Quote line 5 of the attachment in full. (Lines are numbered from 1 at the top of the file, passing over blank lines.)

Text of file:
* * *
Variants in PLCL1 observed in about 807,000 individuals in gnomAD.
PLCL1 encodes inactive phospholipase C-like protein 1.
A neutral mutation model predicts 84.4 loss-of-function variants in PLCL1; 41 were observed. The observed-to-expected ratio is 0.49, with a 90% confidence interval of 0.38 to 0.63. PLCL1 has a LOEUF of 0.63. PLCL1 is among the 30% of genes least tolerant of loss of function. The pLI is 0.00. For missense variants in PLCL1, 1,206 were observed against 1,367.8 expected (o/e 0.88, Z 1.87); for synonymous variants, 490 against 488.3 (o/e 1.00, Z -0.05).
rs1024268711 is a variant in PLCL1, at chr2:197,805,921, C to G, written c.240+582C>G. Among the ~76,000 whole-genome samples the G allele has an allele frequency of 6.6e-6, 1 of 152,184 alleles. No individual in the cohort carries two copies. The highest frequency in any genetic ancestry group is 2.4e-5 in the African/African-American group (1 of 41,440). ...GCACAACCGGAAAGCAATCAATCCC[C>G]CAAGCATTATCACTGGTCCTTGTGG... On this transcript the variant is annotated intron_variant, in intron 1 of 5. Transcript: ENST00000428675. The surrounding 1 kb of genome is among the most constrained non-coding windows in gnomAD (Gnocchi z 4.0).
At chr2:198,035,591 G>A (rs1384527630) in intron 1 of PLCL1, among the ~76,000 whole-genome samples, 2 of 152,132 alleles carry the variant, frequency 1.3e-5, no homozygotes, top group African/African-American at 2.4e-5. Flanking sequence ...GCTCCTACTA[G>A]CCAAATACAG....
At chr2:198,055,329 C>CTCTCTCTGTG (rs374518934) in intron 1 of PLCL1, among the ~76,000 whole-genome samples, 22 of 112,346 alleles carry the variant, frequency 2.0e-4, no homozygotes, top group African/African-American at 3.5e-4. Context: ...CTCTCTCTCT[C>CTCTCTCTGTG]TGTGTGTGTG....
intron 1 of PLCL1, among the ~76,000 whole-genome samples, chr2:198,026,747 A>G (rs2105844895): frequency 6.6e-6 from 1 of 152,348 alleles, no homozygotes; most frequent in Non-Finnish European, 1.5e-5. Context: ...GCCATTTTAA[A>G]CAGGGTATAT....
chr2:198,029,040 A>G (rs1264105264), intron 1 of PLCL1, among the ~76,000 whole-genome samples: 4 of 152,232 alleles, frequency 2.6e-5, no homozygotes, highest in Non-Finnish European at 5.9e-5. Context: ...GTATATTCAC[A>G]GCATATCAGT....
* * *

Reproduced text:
At chr2:198,035,591 G>A (rs1384527630) in intron 1 of PLCL1, among the ~76,000 whole-genome samples, 2 of 152,132 alleles carry the variant, frequency 1.3e-5, no homozygotes, top group African/African-American at 2.4e-5. Flanking sequence ...GCTCCTACTA[G>A]CCAAATACAG....